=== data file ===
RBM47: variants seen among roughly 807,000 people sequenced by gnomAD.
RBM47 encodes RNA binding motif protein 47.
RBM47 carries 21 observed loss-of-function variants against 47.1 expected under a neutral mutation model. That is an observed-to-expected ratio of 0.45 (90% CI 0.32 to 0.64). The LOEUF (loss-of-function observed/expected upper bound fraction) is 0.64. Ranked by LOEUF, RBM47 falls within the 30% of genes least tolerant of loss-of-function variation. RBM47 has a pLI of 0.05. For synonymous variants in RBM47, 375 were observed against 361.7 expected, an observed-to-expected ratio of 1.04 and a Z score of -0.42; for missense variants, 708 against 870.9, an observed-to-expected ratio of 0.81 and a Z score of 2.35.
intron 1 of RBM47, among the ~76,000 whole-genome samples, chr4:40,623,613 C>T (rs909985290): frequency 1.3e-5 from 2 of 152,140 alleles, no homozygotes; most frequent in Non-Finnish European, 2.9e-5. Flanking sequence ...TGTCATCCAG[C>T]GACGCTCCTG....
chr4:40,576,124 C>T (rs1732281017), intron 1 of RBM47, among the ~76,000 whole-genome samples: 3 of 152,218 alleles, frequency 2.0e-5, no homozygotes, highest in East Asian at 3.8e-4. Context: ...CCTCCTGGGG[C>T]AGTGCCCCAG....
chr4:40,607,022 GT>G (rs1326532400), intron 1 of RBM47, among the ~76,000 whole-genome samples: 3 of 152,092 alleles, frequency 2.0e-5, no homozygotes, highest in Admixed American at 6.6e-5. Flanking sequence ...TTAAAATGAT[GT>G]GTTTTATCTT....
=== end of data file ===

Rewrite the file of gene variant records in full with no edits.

RBM47: variants seen among roughly 807,000 people sequenced by gnomAD.
RBM47 encodes RNA binding motif protein 47.
RBM47 carries 21 observed loss-of-function variants against 47.1 expected under a neutral mutation model. That is an observed-to-expected ratio of 0.45 (90% CI 0.32 to 0.64). The LOEUF (loss-of-function observed/expected upper bound fraction) is 0.64. Ranked by LOEUF, RBM47 falls within the 30% of genes least tolerant of loss-of-function variation. RBM47 has a pLI of 0.05. For synonymous variants in RBM47, 375 were observed against 361.7 expected, an observed-to-expected ratio of 1.04 and a Z score of -0.42; for missense variants, 708 against 870.9, an observed-to-expected ratio of 0.81 and a Z score of 2.35.
intron 1 of RBM47, among the ~76,000 whole-genome samples, chr4:40,623,613 C>T (rs909985290): frequency 1.3e-5 from 2 of 152,140 alleles, no homozygotes; most frequent in Non-Finnish European, 2.9e-5. Flanking sequence ...TGTCATCCAG[C>T]GACGCTCCTG....
chr4:40,576,124 C>T (rs1732281017), intron 1 of RBM47, among the ~76,000 whole-genome samples: 3 of 152,218 alleles, frequency 2.0e-5, no homozygotes, highest in East Asian at 3.8e-4. Context: ...CCTCCTGGGG[C>T]AGTGCCCCAG....
chr4:40,607,022 GT>G (rs1326532400), intron 1 of RBM47, among the ~76,000 whole-genome samples: 3 of 152,092 alleles, frequency 2.0e-5, no homozygotes, highest in Admixed American at 6.6e-5. Flanking sequence ...TTAAAATGAT[GT>G]GTTTTATCTT....